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Olympic weightlifting and plyometric training with children provides similar or greater performance improvements than traditional resistance training

Chaouachi, Anis, Hammami, Raouf, Kaabi, Sofiene, Chamari, Karim, Drinkwater, Eric J. and Behm, David G. 2014, Olympic weightlifting and plyometric training with children provides similar or greater performance improvements than traditional resistance training, Journal of strength and conditioning research, vol. 28, no. 6, pp. 1483-1496, doi: 10.1519/JSC.0000000000000305.

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Title Olympic weightlifting and plyometric training with children provides similar or greater performance improvements than traditional resistance training
Author(s) Chaouachi, Anis
Hammami, Raouf
Kaabi, Sofiene
Chamari, Karim
Drinkwater, Eric J.
Behm, David G.
Journal name Journal of strength and conditioning research
Volume number 28
Issue number 6
Start page 1483
End page 1496
Total pages 14
Publisher Lippincott Williams & Wilkins
Place of publication Philadelphia, Pa.
Publication date 2014-06
ISSN 1533-4287
Keyword(s) youth
adolescence
strength
power
balance
magnitude-based inferences
Summary A number of organizations recommend that advanced resistance training (RT) techniques can be implemented with children. The objective of this study was to evaluate the effectiveness of Olympic-style weightlifting (OWL), plyometrics, and traditional RT programs with children. Sixty-three children (10-12 years) were randomly allocated to a 12-week control OWL, plyometric, or traditional RT program. Pre- and post-training tests included body mass index (BMI), sum of skinfolds, countermovement jump (CMJ), horizontal jump, balance, 5- and 20-m sprint times, isokinetic force and power at 60 and 300° · s(-1). Magnitude-based inferences were used to analyze the likelihood of an effect having a standardized (Cohen's) effect size exceeding 0.20. All interventions were generally superior to the control group. Olympic weightlifting was >80% likely to provide substantially better improvements than plyometric training for CMJ, horizontal jump, and 5- and 20-m sprint times, whereas >75% likely to substantially exceed traditional RT for balance and isokinetic power at 300° · s(-1). Plyometric training was >78% likely to elicit substantially better training adaptations than traditional RT for balance, isokinetic force at 60 and 300° · s(-1), isokinetic power at 300° · s(-1), and 5- and 20-m sprints. Traditional RT only exceeded plyometric training for BMI and isokinetic power at 60° · s(-1). Hence, OWL and plyometrics can provide similar or greater performance adaptations for children. It is recommended that any of the 3 training modalities can be implemented under professional supervision with proper training progressions to enhance training adaptations in children.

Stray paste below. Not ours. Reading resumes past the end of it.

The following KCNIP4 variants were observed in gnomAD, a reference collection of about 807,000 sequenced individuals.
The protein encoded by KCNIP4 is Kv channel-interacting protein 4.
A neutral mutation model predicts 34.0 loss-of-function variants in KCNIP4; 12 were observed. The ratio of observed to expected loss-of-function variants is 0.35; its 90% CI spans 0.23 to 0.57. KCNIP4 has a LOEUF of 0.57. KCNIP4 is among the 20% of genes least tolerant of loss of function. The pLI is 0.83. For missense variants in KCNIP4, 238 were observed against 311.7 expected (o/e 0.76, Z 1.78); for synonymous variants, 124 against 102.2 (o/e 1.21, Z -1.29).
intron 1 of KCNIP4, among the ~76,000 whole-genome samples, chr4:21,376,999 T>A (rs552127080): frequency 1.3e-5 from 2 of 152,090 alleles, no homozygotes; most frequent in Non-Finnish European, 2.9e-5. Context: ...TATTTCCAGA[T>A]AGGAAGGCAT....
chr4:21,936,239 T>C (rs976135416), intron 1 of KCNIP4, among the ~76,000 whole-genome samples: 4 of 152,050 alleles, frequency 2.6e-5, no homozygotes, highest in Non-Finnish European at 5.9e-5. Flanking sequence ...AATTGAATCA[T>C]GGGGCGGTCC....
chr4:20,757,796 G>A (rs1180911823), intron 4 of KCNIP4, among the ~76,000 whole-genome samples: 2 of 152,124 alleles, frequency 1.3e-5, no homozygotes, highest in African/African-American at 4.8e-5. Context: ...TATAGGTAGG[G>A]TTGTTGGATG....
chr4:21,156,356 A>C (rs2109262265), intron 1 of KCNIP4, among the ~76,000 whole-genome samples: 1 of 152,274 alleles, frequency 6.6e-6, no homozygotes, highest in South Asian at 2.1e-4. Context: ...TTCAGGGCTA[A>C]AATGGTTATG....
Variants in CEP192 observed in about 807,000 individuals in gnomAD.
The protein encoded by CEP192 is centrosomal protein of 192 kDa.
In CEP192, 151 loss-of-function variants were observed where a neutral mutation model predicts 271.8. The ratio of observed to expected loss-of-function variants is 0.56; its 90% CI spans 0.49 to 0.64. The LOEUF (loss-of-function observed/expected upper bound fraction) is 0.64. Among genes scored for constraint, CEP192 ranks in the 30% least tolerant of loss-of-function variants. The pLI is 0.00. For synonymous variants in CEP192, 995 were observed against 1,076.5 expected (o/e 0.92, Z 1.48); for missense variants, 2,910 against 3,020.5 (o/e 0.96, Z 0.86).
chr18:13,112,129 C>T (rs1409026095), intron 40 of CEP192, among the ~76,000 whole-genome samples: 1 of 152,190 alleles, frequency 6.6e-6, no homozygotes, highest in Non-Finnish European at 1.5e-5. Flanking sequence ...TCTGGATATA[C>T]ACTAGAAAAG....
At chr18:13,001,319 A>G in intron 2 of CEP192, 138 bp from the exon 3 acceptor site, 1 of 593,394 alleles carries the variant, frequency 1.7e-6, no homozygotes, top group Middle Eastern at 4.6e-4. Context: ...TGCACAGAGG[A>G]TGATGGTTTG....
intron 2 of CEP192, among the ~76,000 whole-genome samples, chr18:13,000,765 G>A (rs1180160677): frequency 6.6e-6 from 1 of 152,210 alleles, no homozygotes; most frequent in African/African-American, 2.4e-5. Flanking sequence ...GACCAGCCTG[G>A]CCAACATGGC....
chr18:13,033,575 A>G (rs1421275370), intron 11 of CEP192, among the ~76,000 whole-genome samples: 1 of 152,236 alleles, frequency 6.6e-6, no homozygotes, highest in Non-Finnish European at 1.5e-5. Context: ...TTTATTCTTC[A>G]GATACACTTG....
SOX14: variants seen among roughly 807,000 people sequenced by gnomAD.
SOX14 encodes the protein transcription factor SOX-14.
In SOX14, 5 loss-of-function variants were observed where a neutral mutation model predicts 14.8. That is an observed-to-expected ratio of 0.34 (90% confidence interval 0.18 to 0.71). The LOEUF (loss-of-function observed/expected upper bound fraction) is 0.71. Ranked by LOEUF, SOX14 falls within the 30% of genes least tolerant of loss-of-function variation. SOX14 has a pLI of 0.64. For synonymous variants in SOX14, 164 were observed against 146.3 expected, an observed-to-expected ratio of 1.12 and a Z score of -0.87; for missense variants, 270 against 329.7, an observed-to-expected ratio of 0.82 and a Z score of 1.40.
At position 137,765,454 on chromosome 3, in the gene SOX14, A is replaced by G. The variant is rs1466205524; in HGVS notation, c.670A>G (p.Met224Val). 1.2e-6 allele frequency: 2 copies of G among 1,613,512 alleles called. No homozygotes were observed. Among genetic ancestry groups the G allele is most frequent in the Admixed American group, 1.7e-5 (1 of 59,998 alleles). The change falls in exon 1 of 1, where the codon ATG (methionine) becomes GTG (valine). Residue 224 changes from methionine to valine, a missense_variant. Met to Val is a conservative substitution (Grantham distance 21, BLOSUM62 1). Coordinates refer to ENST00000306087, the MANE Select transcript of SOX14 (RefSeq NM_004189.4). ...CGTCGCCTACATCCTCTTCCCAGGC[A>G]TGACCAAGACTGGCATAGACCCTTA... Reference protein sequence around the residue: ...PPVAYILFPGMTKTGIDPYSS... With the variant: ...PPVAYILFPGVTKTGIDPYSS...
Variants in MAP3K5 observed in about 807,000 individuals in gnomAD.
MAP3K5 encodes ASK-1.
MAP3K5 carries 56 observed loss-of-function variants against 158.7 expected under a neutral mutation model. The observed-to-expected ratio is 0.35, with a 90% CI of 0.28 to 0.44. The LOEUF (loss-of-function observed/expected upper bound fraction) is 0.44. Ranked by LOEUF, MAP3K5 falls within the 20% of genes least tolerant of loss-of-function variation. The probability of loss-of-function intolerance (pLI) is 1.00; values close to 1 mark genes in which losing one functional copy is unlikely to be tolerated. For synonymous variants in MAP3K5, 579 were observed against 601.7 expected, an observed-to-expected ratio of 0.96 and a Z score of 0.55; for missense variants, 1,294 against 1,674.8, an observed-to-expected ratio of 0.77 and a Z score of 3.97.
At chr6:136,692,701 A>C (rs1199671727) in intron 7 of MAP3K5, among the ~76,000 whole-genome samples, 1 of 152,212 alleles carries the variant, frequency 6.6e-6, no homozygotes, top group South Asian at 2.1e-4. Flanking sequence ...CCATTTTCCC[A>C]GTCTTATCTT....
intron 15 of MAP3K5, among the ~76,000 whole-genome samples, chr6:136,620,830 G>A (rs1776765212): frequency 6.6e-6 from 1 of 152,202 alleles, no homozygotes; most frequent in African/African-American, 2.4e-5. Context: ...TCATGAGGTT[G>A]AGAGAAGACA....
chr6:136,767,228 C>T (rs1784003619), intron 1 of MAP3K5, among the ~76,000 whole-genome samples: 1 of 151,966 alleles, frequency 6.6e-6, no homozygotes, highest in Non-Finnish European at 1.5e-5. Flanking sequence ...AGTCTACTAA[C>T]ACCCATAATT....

Language eng
DOI 10.1519/JSC.0000000000000305
Field of Research 1106 Human Movement And Sports Science
Socio Economic Objective 920501 Child Health
HERDC Research category C1.1 Refereed article in a scholarly journal
ERA Research output type C Journal article
Copyright notice ©2014, Lippincott Williams & Wilkins
Persistent URL http://hdl.handle.net/10536/DRO/DU:30083009

Document type: Journal Article
Collection: School of Exercise and Nutrition Sciences
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